The introduction of OpenAI’s ChatGPT in November 2022 marked a significant technological achievement, offering the public a powerful AI tool free of charge. This AI chatbot quickly gained global popularity, becoming the go‑to solution for various tasks, including text summarization, language translation, code snippet generation, and creative writing. With its diverse creative output in formats like letters, emails, and blogs, ChatGPT proved to be a versatile and valuable tool for users.
In March 2023, Google’s Bard entered the scene as a formidable competitor to ChatGPT, offering an experimental free service to users.
How AI Chatbots Work
Both ChatGPT and Bard are powered by pre-trained Large Language Models (LLMs): GPT (Generative Pre-trained Transformer) for ChatGPT and PaLM (Pathways Language Model) for Bard. These LLMs are deep learning algorithms, extensively trained on datasets comprising publicly available information from the web, possibly supplemented by data from private sources and synthetic, computer-generated data. Notably, LLMs are not limited to textual data alone, as they can be pre-trained on code from various programming languages and on mathematical equations, as well as images (and their captions), and audio recordings (and their transcripts) to emulate the multimodality of human cognition.
The underlying architecture of LLMs is the Transformer model, which incorporates a self-attention mechanism that enables it to grasp long-range dependencies within text sequences. By breaking down text into tokens (words and sub-words), and predicting the next token based on the context of preceding ones, LLMs gain an understanding of language patterns, grammar, and semantic relationships, enabling coherent and contextually relevant responses to user input.
Despite their impressive capabilities, LLMs do have certain limitations when it comes to knowledge access:
- Factual Accuracy – When generating text, an LLM is tasked with predicting the next token based on its highest probability. This does not invariably result in a statement that is most probable to be factual.
- Lack of Post-Training Learning – LLMs do not learn from experiences post-training, and their knowledge is based on the data available up to their training cutoff date.1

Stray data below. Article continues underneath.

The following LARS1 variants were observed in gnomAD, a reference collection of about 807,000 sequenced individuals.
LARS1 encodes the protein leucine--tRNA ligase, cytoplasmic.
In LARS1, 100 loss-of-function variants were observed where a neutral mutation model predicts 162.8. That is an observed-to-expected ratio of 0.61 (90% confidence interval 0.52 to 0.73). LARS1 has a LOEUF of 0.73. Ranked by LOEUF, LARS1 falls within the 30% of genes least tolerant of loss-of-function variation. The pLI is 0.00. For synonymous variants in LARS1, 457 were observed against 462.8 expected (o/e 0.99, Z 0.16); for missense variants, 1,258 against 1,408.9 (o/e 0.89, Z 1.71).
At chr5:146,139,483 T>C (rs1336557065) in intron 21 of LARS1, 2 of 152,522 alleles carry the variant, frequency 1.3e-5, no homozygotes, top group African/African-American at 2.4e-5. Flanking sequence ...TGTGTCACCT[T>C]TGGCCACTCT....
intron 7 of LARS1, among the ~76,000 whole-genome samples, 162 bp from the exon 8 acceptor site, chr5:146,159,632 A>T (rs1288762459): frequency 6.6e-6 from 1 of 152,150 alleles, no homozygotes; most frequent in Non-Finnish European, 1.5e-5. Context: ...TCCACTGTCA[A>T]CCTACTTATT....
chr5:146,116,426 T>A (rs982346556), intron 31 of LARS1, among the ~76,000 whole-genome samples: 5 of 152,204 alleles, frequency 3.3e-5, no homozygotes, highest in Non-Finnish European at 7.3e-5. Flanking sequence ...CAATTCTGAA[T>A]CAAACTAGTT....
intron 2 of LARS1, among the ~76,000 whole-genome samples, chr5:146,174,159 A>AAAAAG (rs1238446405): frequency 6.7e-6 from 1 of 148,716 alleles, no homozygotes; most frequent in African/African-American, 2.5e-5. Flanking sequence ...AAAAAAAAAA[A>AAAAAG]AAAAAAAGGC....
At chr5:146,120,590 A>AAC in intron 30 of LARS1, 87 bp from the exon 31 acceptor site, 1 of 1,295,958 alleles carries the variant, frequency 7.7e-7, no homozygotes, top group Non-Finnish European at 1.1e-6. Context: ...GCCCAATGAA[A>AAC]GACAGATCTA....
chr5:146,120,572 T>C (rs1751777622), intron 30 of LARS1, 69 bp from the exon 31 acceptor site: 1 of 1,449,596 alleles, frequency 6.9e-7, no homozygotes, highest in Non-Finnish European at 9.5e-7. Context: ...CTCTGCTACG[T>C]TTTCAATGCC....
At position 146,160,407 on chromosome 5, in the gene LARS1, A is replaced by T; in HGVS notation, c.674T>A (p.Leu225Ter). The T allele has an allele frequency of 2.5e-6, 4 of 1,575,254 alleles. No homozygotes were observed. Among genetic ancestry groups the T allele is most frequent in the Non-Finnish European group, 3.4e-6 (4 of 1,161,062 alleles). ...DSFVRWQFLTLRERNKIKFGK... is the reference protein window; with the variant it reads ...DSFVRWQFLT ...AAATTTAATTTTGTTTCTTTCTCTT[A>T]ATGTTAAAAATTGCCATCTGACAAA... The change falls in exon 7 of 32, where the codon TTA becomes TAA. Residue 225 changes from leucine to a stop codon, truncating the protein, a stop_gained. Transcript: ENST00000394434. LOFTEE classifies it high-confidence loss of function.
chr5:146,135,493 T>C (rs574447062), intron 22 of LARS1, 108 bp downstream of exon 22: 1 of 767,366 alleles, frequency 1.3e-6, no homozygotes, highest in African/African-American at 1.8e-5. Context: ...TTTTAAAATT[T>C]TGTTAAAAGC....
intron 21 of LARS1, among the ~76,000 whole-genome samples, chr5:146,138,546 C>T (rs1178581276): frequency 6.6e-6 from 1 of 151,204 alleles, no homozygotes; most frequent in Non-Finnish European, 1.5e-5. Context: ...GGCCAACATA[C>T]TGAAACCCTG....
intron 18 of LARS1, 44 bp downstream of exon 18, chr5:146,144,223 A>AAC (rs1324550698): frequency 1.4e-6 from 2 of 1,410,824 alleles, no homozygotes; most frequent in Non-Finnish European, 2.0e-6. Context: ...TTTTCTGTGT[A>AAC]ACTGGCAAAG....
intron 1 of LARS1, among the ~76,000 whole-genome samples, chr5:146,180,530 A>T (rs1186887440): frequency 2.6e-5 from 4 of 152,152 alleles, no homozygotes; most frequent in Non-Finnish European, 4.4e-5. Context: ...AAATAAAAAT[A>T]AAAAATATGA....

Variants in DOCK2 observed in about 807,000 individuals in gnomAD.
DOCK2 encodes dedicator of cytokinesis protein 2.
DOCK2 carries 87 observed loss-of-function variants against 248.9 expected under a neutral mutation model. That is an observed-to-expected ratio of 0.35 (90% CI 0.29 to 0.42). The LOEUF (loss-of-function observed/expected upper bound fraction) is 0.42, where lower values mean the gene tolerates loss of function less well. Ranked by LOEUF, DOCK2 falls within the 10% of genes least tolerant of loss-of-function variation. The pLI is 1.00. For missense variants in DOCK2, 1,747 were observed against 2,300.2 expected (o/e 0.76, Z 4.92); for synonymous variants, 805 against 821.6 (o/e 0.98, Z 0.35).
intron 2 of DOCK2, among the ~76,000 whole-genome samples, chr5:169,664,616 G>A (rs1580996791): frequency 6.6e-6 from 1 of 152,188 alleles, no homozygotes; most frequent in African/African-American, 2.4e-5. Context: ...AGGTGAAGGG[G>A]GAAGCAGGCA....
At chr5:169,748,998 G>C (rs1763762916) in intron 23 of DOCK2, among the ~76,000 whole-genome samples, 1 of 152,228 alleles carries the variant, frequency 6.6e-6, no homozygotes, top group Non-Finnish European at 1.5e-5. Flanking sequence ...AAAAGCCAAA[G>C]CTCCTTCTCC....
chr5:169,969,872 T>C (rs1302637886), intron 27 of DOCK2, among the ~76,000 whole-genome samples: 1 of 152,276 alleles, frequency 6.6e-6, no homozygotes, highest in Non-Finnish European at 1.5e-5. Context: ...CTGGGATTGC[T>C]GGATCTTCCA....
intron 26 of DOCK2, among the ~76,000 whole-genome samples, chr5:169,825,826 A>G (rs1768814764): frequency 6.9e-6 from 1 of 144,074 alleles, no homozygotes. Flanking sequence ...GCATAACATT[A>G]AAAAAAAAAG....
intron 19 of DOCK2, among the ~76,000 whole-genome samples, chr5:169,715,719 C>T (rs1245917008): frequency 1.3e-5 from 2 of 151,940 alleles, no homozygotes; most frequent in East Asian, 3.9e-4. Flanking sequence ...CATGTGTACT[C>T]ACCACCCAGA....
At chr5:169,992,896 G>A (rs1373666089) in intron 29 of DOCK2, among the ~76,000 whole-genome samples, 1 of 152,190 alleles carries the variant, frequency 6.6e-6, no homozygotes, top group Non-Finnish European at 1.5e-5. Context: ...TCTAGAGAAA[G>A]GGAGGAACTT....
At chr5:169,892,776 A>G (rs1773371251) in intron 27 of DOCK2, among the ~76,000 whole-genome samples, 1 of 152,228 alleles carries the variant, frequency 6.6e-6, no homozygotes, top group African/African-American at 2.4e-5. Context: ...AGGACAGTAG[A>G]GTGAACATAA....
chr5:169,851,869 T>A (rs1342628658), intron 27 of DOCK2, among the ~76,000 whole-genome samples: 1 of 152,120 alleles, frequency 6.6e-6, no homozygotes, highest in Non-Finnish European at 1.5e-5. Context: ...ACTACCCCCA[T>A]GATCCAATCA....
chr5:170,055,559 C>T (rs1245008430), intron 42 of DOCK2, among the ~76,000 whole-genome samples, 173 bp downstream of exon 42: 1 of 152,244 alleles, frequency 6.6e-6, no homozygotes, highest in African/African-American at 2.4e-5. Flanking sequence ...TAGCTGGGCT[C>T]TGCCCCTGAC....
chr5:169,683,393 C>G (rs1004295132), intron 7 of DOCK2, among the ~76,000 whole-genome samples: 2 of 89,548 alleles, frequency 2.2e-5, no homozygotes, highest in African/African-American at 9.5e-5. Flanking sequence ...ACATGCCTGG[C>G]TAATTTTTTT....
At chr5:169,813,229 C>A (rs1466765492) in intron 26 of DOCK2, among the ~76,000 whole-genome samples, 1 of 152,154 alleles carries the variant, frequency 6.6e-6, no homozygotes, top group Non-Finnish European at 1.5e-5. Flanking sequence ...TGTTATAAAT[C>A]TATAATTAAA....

- Source Verification – LLMs do not provide the sources of generated content, which makes it challenging to verify the information they present.
To address some of these limitations and enable real-time knowledge access, LLMs can be combined with retriever models (RMs) in a unified architecture known as RALM (Retriever-Augmented Language Model). This integration empowers LLMs with search engine capabilities, leading to instant knowledge retrieval. Prominent examples of such AI systems include Bing Chat, Bard, and Google’s SGE (Search Generative Experience), all of which use the Dense Passage Retriever (DPR) as their retriever model.2
Generative Search Engines
Generative search engines, like Bing Chat and Google’s SGE, leverage their LLMs’ generative abilities to interpret user queries, summarize information from the search engine, and engage users in conversational interactions.3 This interactive process allows the AI system to understand the query’s meaning and the user’s interests, though the working memory is limited to the specific chat instance.
While generative search engines offer numerous advantages, they may struggle with complex instructions. However, users can adopt different personas during interactions, helping to provide relevant context. For example, when asking about Oppenheimer, all three systems (Bing Chat, SGE, and Bard) provide information on the person Oppenheimer, or, if prompted as a movie critic, they return information about the movie released in the summer of 2023.4
Generative search has the potential to revolutionize knowledge access for various domains, including business leaders, underwriters, and claims staff in insurance and reinsurance. By offering contextual understanding, detailed and informative answers, factual topic summaries, and content generation capabilities, generative search presents a novel approach to accessing, integrating, and leveraging public knowledge in decision-making processes.